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When I Was 13: A Memory of 9/11


By Josh Silver

For most people that were alive on this day 11 years ago, there will be few things in their life that are as memorable as where they were and what they were doing when those planes hit the towers.  Every generation has some event that shocks the world around us and virtually changes the way we live.  For some it was the assassination of JFK, for others the destruction of the Berlin Wall—for me it was a school day unlike any I had ever had in my young life.

Twin TowersThe first thing I noticed was the radio.  Our teacher wasn’t in the habit of using electronics to assist our education so I knew something was going up I just couldn’t fathom what it was.  It was a chilly morning but as I walked up to my first period class the mist had already started to break up and you could see sunlight poking through a faint eastern cloud.  As I neared the classroom door, the chatter became increasingly understandable until I heard one final line, “Oh my god, another plane has just hit the second tower.”   How could my young mind know in that moment that I would remember those words for years to come?

The USA had been attacked but who did it and why? By the end of first period rumors were already spreading throughout the school.  Every teacher seemed to have some little anecdote to keep us at ease.  Some people barely took notice of it.  Others simply wanted to know what the World Trade Center was and why the bad guys had decided to attack those buildings.  I learned a lot in that day.  I learned how fast a culture of fear can spread not just through a population of 8th graders but through an entire country.  I’m ashamed to say it, but by the end of that day I was sick of the story.  All I wanted was for the world to move on.  Yet isn’t it just like the world to do the exact opposite of what you ask for?

Remember this was a time when most of America had never heard of Osama Bin Laden, a time when I couldn’t find Iraq on a map to save my life, and a time when I didn’t really care about words like “terrorism” and “WMD.”  Back then you could bring as many water bottles as you wanted onto a plane and people didn’t cry when they heard the national anthem.  I’d never met anybody who’d died in an airplane and definitely didn’t know anyone who had died in military service.  It’s easy to see in one small moment of reflection how drastically the world can change in 11 years.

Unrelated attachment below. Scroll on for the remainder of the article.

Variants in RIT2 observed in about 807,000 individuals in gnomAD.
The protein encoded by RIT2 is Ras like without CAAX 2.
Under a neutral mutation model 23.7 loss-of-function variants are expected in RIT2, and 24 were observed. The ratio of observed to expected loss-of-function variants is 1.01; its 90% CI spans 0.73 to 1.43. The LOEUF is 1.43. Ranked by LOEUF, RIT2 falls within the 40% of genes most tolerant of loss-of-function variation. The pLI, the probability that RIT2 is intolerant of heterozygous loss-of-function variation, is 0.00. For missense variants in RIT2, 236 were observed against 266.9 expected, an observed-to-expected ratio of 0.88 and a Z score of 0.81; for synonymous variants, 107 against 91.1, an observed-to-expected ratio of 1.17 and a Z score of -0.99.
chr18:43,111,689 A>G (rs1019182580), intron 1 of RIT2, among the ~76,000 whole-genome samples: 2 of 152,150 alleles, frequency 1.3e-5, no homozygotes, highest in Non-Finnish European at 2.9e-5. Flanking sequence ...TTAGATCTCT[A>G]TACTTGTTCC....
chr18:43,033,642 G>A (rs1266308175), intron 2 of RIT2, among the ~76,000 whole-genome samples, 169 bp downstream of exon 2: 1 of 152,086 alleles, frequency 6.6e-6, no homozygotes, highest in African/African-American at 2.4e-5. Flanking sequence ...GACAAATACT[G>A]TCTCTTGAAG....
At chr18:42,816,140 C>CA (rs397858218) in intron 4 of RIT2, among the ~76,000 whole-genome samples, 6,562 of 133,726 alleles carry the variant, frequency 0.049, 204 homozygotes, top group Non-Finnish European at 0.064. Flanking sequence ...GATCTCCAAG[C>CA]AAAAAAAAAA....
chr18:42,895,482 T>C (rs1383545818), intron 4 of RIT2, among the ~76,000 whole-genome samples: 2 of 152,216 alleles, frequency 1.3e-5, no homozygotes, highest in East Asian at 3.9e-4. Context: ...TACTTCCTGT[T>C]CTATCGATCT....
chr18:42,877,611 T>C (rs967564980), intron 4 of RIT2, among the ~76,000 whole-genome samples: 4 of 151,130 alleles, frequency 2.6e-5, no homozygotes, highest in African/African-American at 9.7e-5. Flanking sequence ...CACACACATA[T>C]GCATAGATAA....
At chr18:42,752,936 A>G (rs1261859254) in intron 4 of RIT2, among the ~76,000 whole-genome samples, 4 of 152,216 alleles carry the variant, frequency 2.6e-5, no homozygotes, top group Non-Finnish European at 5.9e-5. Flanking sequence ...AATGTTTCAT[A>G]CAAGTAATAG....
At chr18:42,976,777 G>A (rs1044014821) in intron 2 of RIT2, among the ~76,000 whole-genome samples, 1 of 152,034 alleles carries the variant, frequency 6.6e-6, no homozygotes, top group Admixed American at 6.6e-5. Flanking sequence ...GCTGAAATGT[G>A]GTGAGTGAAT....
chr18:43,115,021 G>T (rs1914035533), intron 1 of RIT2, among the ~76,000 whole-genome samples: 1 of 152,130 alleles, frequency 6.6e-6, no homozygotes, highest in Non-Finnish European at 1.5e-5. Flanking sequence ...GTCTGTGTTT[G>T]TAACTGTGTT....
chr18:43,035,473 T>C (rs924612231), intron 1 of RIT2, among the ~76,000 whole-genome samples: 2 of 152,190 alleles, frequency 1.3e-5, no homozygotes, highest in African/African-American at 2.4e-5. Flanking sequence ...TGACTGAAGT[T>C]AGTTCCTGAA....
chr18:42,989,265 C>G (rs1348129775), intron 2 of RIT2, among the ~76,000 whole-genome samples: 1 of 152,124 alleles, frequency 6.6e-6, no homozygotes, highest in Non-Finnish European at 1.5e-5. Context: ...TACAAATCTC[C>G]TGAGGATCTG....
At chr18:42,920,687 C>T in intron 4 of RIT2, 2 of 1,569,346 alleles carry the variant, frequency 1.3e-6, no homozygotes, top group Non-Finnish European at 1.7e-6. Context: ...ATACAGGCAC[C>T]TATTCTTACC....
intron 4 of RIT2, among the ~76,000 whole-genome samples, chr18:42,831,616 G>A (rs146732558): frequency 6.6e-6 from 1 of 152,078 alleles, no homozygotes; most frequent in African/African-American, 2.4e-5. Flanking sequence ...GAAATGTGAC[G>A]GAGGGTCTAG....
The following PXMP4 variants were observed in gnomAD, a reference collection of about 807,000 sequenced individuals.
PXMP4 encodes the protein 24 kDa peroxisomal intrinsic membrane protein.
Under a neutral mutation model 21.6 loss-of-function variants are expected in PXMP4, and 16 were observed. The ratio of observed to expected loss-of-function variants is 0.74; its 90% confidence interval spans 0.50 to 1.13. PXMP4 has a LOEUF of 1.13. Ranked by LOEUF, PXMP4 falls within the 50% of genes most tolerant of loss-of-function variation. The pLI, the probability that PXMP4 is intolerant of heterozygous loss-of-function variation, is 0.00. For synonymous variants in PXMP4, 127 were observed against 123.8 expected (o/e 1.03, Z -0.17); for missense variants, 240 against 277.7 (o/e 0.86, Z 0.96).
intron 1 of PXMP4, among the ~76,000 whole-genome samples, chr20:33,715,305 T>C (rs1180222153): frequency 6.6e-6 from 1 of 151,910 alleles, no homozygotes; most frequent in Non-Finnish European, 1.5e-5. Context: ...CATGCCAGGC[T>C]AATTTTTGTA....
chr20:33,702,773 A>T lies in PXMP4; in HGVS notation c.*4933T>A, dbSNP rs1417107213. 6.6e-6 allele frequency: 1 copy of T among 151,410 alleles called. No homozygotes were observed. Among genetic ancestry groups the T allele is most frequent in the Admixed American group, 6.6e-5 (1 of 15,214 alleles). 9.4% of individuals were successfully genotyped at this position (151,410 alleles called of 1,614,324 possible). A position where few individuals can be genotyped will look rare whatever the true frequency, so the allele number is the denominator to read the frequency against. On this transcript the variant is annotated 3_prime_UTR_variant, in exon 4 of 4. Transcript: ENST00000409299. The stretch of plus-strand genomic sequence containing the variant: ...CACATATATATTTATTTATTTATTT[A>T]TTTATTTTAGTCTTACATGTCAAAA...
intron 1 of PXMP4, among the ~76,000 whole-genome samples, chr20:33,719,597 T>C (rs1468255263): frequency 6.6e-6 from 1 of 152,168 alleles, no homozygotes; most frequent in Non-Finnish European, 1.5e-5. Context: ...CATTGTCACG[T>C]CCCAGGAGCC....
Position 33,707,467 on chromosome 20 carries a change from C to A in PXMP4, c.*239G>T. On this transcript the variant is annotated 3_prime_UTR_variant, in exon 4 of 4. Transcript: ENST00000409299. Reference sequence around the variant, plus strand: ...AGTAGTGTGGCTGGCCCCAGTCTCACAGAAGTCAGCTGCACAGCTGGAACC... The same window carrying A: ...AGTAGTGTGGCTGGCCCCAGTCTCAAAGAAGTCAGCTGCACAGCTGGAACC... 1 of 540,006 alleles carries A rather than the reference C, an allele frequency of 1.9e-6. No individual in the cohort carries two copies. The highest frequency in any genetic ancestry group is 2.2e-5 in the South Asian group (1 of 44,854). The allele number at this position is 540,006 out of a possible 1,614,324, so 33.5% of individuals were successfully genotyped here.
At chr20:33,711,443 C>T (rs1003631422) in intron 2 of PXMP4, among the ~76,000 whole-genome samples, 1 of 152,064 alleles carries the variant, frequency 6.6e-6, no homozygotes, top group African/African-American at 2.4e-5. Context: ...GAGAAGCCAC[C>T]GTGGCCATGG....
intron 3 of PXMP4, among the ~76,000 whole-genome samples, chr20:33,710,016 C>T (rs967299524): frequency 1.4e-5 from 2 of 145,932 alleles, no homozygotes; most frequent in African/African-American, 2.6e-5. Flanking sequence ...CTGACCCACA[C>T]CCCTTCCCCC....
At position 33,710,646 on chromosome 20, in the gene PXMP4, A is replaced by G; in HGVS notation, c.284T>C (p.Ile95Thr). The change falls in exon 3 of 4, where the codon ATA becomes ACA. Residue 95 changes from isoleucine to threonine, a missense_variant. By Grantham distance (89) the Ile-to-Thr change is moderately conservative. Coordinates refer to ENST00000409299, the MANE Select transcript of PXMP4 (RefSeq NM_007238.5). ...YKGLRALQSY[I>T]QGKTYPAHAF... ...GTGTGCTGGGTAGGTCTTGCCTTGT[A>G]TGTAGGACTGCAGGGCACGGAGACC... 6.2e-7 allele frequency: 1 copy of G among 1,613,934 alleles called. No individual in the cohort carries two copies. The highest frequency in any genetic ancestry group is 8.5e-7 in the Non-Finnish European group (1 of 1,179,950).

Now, on the 11th anniversary of that horrific morning, there is nothing I’d rather write about.  In fact there is one word that comes to mind when I think about this anniversary—hallelujah.  Admittedly it’s always been my favorite word from the Torah, maybe because I think it has more than just one meaning.  Even a child can understand that this is a solemn day, a day meant for remembrance of loved ones lost and of a war that we are still fighting.  But the value that constantly goes understated is that the USA remembers this day together and that should be celebrated.  It’s the sort of occasion that every American feels in their own, deeply personal way, yet in a time when our country is facing so many schisms and agendas, I say hallelujah that we still have this day to unify us all as Americans and as patriots.  Because today I get to remember my friend who died in Iraq (out of respect let’s just call him Scott), and I get to remember not just the catastrophic pain the nation felt when the towers fell but also the joy that we all shared a year ago when Osama Bin Laden was finally brought to justice.

So today, as the nation remembers our fallen civilians and soldiers take a moment to pause and think about how every other American is sharing this same moment of somberness.  You’ll probably hear speeches being made and see flags being waved and as you think back to where you were on this day 11 years ago maybe you can say your own tiny hallelujah, that for one sacred day our nation doesn’t squabble within its own borders and that at least today, on September 11th, we can all stand together as one United States of America.

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Filed under Current Events, Gratitude, Uncategorized

Can My Phone Keep Me Sober?


We are living in the modern age of sobriety.  No longer does sobriety mean having to trudge an hour in the snow, Big Book in hand, to get to a meeting.  No longer must people judge their sobriety date based off of the position of Jupiter.  For our time is the time of phone apps.   Apps that tell you where meetings are, give you daily reflections, and can even offer the entire Big Book in digitized form.

With so many options out there in Appland, it is clear to me that people in recovery need a way to pick through the duds and find the app that really speaks to them.  Below is a review of some of the really awesome apps out there for sober people—Enjoy!

Phone AppsDays Sober

This free app is really just keeping it simple.  Consisting of nothing more than a calendar that tells you how many days you have, it performs one simple function and performs it well.

AA Big Book—Georgia Sobriety

Considering all that this app has to offer, you wouldn’t expect it to be free but the nice folks at Georgia Sobriety have made it available without charge.  On top of daily reflections and a useful sobriety calculator, this app offers the first 164 pages of the Big Book broken down by chapter.  Altogether, this app is a nifty tool to be sober on the go.

One Day At A Time